There comes a point at every festival, regardless of location and size, where we turn inward, soles aching and back muscles screaming, and ask ourselves: Is this all worth it? And at a lot of festivals, it can feel like you're barely breaking even. But at the Eaux Claires Music & Arts Festival this weekend, I couldn't believe just how many times I found myself shaking my head in disbelief, goosebumps rising on my sweat-soaked arms and mouth literally hanging open in awe as one soul-shaking moment after another unfolded on the ground's multiple stages.

It's these moments that we live for: the moments when the pain melts away; when you forget about how many times you've had to sprint up that psychedelic hill in the woods to get to the Dells stage because what you're hearing now, what's coming together on stage and washing over the crowd is lifting you up, lifting you all up, and reminding you that there is nothing else like the joy of connecting with this many other humans through music.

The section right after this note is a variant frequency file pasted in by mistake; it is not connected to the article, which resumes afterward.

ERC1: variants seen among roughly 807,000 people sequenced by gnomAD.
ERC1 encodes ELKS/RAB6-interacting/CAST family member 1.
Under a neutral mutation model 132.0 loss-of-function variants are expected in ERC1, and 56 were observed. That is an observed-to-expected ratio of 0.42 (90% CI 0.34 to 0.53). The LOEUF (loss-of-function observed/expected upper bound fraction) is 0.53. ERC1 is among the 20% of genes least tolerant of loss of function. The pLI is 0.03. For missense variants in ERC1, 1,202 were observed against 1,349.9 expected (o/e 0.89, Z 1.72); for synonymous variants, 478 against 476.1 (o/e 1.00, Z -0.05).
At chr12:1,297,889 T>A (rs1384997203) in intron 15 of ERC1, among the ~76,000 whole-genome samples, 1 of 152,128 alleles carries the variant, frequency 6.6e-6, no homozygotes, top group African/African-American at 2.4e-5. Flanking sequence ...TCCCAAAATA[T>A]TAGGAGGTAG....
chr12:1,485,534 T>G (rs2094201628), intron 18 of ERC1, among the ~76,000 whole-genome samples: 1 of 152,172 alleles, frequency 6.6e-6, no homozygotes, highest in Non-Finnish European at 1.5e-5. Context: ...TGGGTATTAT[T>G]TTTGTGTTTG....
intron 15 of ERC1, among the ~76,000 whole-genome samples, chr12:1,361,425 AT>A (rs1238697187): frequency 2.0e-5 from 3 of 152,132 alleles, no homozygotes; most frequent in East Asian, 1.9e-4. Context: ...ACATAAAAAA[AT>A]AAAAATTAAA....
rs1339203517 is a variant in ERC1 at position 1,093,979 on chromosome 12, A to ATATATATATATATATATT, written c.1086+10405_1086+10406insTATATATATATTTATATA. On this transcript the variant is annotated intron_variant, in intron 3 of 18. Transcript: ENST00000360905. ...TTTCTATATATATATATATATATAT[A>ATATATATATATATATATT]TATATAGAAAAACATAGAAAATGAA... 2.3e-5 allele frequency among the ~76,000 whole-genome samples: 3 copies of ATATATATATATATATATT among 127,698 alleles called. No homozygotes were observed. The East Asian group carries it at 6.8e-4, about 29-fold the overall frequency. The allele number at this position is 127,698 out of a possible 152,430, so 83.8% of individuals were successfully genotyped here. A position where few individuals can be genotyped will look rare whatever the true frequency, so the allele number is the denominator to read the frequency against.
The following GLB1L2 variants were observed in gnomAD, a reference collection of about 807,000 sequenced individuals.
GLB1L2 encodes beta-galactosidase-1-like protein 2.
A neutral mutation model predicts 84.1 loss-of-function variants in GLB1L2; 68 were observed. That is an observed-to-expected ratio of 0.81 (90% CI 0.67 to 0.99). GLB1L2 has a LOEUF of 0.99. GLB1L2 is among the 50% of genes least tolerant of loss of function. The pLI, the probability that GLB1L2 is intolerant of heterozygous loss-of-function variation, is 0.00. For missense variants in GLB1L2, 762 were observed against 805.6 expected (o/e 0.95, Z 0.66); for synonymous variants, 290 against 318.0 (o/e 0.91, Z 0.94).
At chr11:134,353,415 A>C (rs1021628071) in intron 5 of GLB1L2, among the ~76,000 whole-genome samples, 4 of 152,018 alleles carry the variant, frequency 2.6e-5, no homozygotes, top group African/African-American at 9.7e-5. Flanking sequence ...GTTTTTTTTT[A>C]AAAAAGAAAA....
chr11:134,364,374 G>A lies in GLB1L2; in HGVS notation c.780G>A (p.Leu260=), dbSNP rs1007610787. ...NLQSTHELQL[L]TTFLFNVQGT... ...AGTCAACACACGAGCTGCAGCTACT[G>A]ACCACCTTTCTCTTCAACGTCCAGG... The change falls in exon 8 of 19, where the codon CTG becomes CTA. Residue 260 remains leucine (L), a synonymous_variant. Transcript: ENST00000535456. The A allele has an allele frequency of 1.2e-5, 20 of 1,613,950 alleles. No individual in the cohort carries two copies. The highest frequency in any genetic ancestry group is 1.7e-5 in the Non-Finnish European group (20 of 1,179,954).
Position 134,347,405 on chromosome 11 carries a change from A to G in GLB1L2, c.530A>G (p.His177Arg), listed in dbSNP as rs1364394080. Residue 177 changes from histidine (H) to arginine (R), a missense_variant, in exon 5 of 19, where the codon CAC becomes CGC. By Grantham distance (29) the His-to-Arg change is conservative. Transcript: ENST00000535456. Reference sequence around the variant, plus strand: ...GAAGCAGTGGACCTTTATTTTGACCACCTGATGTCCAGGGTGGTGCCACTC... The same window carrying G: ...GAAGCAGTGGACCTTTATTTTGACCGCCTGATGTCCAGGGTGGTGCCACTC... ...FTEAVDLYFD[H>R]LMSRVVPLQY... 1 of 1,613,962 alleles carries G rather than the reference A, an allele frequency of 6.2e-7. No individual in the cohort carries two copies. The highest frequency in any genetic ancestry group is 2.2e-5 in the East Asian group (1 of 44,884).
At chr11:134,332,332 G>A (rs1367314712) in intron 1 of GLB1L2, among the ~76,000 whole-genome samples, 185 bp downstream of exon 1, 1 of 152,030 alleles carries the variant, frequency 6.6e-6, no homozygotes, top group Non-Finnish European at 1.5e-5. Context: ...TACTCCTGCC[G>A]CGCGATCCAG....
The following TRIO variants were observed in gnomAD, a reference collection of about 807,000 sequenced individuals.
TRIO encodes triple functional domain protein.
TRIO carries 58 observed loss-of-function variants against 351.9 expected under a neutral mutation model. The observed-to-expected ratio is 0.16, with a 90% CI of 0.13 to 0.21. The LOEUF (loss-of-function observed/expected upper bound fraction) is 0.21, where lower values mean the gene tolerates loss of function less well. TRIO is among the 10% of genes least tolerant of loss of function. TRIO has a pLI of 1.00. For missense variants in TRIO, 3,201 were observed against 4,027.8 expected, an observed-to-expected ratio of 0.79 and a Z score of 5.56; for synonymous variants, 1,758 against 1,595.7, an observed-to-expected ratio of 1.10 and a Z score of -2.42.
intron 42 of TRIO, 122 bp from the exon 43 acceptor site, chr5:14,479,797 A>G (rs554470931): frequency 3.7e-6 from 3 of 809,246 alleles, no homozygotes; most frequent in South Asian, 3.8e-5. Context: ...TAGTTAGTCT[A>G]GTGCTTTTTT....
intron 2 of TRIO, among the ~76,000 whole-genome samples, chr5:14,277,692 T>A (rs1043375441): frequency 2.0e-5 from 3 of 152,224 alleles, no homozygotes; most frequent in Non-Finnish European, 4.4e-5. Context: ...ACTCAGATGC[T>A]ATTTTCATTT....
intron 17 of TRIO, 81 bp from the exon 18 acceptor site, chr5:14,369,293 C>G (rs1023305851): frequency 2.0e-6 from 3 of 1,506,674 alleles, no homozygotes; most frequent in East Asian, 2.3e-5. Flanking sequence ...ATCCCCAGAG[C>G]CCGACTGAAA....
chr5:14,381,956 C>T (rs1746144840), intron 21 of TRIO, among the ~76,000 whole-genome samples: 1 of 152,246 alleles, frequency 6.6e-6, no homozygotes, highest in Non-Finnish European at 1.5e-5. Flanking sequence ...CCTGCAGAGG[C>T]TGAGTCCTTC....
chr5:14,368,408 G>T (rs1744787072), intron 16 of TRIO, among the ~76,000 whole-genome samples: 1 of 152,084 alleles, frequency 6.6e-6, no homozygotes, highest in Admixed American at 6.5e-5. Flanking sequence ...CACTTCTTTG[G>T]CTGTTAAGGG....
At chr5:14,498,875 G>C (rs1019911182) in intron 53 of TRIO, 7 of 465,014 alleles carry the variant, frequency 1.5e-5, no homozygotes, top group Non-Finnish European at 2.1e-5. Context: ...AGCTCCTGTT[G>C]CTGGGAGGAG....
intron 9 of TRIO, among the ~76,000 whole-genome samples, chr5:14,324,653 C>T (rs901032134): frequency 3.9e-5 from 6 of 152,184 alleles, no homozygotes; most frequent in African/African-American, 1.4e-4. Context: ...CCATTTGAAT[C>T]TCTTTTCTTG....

2. Alabama Shakes with Father John Misty

May 30, Hall's Island

On the heels of their highly anticipated and critically acclaimed sophomore albums, Alabama Shakes and Father John Misty's sets were a one-two punch at Hall's Island, a one-off venue in Northeast Minneapolis. Andrea Swensson recounts Alabama Shakes' electrifying performance: